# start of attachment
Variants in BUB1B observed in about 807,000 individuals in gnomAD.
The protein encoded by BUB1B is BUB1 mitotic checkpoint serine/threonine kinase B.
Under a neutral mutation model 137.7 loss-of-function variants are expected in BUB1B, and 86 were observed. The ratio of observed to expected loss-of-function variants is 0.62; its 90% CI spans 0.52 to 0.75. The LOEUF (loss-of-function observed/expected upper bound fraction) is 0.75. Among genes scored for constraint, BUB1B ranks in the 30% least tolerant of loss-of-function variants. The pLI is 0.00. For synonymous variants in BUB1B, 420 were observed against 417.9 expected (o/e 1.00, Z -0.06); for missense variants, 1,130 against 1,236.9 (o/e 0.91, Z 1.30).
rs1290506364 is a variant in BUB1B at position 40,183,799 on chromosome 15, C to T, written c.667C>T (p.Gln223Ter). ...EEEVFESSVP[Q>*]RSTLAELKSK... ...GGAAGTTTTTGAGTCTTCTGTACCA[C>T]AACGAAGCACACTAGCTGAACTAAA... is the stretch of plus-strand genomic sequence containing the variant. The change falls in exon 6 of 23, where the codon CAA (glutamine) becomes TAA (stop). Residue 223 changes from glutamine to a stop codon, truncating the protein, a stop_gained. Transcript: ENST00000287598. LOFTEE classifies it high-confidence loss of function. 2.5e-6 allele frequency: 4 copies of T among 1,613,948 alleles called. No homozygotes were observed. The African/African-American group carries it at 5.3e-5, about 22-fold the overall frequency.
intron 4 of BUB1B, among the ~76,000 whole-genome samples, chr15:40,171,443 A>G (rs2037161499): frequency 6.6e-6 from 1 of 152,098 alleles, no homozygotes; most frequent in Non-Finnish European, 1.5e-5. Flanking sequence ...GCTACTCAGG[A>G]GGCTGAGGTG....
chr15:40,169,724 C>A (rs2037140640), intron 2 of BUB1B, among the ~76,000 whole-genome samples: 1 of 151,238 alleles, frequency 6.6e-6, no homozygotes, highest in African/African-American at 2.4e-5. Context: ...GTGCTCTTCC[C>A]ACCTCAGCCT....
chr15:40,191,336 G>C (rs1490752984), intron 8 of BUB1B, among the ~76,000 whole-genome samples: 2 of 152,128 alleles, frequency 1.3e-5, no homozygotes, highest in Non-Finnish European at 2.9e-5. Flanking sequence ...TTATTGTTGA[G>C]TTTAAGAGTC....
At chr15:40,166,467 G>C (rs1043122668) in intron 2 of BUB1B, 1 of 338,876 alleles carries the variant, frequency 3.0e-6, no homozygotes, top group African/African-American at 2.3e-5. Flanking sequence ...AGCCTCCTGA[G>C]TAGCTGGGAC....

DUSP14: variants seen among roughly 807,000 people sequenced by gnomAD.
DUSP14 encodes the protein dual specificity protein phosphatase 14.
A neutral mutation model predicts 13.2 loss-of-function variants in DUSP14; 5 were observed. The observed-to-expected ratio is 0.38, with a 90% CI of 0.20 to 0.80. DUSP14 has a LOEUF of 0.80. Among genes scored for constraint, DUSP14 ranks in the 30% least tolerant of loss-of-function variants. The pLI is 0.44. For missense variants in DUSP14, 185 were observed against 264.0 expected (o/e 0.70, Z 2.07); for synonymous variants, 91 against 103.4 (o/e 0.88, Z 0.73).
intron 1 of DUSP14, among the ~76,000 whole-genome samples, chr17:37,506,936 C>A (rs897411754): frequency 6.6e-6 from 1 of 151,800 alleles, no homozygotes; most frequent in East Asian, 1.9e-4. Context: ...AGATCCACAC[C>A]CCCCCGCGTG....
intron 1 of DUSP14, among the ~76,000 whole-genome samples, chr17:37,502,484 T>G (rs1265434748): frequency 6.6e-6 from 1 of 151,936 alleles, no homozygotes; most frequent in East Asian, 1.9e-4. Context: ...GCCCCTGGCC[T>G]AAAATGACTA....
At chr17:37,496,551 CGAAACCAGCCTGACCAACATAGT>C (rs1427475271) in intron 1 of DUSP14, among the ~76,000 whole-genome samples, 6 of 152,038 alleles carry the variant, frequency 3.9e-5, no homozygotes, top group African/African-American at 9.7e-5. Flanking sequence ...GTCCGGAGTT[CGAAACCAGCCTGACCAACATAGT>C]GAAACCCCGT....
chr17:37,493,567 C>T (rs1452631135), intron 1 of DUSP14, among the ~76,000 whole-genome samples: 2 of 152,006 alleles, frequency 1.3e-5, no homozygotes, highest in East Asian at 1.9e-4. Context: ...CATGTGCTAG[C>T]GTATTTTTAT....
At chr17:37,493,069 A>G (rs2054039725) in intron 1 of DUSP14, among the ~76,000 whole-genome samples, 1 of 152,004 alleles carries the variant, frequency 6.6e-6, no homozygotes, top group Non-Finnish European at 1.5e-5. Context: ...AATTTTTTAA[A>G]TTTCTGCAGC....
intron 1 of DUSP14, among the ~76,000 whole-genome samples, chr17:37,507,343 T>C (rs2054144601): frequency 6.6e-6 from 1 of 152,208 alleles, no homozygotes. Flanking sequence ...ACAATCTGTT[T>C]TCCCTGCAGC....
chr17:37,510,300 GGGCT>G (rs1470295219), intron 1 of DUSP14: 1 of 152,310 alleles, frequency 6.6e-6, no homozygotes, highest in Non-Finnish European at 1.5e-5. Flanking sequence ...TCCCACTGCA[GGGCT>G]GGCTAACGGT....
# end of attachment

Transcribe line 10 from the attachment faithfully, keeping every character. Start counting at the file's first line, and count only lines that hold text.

DUSP14 encodes the protein dual specificity protein phosphatase 14.